pushed by LR, Elisabeth Borne ready for a concession on long careers

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In an interview with the JDD, published on Sunday, Elisabeth Borne announces that people who started working between the ages of 20 and 21 will be able to retire at 63. A step towards Les Républicains on the eve of the kick-off of the debates before the National Assembly.

People who started working between the ages of 20 and 21 could retire at 63, not 64, Prime Minister Elisabeth Borne announced on Sunday February 5 in the Journal du Dimanche, thus responding favorably to a request from deputies. G/D.

On the highly contested pension reform, “we are going to move by extending this long career system to those who started working between the ages of 20 and 21. They could thus leave at 63,” said the head of government. “We hear” the request of right-wing elected officials, she added, before Monday’s kick-off of the debates before the National Assembly.

The voices of Republicans are essential to pass this reform. They have raised the stakes and have been pleading for several days to prevent “those who started working the earliest (have to) contribute the longest”, according to party president Éric Ciotti.

A green light to their proposal on long careers “will make it possible to win a very large majority in the LR group”, he assured the Parisian.

“It is a measure that will cost between 600 million and one billion euros per year, and which will affect up to 30,000 people per year”, underlines Elisabeth Borne. And “as we are carrying out this reform to ensure the balance of the system by 2030, we will have to find ways of financing”.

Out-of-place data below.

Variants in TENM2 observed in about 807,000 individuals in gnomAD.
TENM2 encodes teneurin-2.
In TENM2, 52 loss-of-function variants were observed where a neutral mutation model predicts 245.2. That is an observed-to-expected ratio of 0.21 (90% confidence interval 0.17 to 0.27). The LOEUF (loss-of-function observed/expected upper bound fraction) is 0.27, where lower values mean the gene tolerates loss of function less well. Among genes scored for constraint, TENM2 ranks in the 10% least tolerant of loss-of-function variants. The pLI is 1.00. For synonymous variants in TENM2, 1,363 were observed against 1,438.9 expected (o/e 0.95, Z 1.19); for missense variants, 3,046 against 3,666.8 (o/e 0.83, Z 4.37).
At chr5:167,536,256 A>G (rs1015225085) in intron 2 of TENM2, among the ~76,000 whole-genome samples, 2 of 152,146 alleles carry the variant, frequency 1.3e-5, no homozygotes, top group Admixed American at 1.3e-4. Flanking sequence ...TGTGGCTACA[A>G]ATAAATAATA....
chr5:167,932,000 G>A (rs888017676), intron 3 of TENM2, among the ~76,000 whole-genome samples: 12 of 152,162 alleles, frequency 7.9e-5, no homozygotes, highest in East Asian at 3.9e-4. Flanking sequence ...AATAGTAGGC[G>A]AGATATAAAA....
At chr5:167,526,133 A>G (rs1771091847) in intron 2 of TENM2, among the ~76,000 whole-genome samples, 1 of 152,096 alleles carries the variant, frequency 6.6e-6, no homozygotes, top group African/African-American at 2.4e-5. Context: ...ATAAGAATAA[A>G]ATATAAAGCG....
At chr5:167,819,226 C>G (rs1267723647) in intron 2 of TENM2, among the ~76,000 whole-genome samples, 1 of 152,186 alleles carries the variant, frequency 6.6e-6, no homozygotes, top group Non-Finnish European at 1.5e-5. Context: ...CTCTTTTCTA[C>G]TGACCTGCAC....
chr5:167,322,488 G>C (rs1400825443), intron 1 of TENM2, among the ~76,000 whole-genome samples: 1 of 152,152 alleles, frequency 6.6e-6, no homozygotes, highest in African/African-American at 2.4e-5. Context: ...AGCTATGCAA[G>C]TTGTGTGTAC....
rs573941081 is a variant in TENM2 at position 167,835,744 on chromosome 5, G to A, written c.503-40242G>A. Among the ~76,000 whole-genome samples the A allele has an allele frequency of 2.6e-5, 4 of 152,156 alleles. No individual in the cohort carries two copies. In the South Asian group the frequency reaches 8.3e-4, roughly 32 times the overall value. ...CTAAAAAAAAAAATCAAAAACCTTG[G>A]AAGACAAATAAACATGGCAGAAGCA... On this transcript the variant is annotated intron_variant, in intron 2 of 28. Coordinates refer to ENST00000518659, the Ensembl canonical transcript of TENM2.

Currently, starting a career before the age of 20 can allow an early retirement of two years, and entering the workforce before the age of 16 can give the right to an early retirement of four years. The reform project provides that this device will be “adapted”: those who started before the age of 20 could leave two years earlier, i.e. 62 years; those who started before 18 could leave at 60, etc.

>> Pensions: after a record mobilization, the executive in clogging operation

A mid-term report

To another request from the LRs, also made by the MoDem group, the Prime Minister has “no objection”: it would be a question of making “a mid-term progress report on the reform”, in 2027 That year, “there is a presidential election and legislative elections”, which “is already a form of review clause”, she notes.

While two new days of mobilization are expected, February 7 and 11, Elisabeth Borne says she understands that the reform pushing back the legal age of departure from 62 to 64 “causes reactions, reluctance and concerns”.

“But our goal is to ensure the future of our pay-as-you-go pension system,” she insists, saying “regrets (r) that some, especially on the left, maintain misunderstandings”.

In response to the leader of the CFDT Laurent Berger, who accused her Thursday evening of lacking “empathy”, the tenant of Matignon affirms that “it is blessing, and it is the opposite of who I am and of what I wear”. And if the reform did not finally take place? “I do not place myself in this hypothesis. I am looking for the way”, explains Elisabeth Borne.

With AFP


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